[00:14:10] build something that people actually want and then actually delivering it is, um, you know, like that, that, I think it's just critical because we often build the wrong things and I think. They get really well-marketed are jumping into the solution and the marketing over the substance and the outcomes that they're actually achieving for their, their customers and learners is my
[00:14:29] Eman: Yeah. I mean, I think most people can sell anything with a good marketing team behind it. And that's part of why there's so many crappy products out there. Should you be selling? It is the real question is just like, and it's the same in the core space. Really? It's like people create courses because they're told it's a way to scale their business.
[00:14:51] And there are people who have no business creating courses, creating courses at this point. So, yeah.
[00:14:57] Joel: Well, and you know, it's like people have expertise and we want to share that and it is definitely marketable, but your expertise doesn't translate to instructional designer
[00:15:06] or, you know, necessarily a course What support do you provide now for, for course creators? Like when, when you come in and you start, like,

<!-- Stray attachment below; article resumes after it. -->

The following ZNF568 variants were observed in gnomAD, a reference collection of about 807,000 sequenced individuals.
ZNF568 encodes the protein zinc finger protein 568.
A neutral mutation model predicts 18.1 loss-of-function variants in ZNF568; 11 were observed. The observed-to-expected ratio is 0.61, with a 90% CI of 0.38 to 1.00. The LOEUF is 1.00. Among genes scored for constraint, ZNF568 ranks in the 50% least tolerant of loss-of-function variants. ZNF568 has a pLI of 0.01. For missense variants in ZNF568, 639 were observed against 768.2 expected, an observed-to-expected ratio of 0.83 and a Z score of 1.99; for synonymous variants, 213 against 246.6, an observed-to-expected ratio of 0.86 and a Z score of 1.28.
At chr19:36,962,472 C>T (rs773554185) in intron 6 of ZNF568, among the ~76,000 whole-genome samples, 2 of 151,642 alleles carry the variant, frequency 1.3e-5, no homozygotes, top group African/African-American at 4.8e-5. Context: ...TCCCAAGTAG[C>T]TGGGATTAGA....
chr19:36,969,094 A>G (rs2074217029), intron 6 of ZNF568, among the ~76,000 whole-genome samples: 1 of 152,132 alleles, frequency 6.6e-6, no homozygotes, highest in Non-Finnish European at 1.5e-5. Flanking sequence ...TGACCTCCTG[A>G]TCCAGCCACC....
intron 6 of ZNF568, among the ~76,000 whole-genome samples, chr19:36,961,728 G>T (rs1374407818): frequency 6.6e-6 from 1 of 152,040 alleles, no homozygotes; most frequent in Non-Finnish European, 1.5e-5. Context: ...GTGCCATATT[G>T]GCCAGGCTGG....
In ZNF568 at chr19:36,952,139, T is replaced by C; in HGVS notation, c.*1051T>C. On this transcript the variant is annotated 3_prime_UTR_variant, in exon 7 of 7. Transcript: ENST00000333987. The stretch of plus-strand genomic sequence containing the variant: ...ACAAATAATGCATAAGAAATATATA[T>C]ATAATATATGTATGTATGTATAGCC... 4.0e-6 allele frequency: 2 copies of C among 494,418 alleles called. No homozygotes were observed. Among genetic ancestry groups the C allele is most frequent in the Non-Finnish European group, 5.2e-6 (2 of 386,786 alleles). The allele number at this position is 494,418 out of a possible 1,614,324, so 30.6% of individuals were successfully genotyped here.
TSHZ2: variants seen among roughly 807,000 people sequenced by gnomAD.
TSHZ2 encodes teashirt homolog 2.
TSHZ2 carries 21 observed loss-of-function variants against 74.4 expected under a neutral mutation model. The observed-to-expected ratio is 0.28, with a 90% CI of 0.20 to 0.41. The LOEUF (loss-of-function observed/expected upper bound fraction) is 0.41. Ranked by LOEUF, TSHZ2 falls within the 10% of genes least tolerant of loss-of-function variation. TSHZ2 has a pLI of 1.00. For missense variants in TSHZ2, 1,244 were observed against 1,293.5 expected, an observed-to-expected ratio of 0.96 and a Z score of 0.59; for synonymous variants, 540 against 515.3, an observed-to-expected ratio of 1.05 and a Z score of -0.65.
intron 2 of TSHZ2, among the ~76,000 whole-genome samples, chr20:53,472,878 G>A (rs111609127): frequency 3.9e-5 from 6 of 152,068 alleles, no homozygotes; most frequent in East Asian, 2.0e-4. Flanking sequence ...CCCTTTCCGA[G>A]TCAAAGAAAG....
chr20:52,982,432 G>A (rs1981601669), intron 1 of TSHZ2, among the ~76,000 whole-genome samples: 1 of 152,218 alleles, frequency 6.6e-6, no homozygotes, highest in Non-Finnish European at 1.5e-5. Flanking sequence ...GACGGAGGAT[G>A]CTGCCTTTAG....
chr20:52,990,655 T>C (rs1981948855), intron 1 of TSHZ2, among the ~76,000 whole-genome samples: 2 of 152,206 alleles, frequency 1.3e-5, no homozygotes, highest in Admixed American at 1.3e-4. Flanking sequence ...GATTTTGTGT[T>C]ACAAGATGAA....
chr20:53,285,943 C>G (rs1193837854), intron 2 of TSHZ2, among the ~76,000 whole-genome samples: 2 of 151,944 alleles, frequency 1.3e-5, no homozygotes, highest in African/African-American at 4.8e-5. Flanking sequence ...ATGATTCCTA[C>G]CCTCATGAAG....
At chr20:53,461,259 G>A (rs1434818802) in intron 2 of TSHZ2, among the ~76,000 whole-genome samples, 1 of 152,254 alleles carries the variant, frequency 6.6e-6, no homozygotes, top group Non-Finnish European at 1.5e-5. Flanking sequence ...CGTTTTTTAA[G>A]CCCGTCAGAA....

The process of turning ideas into products
[00:15:12] Joel: what's the, what's the process from like, here's an idea to the, the published product.
[00:15:18] Eman: Is this on the terrain side?
[00:15:20] Joel: Yeah. I'm terrain.
[00:15:21] Eman: Yeah, I'm usually, it's kind of the other way around. We reach out to creators when we identify a topic that we're looking to. To have on terrain. And we've usually like vetted that this person is real expert. We've looked at. I mean, there are times where I would go out and purchase another course, if there's just a seat, make sure that they're the real deal.
[00:15:38] And then we set an appointment with them. And the first step is really if they're interested, they would send in an outline for the course. And since our courses are very specific and they're always in the, you know, how to style, especially with the pivot to the subscription. And so. Almost like if this is it's working backwards, if somebody needs to achieve this desired end result, what steps do we need to get, go through and take them through to get them ready for it.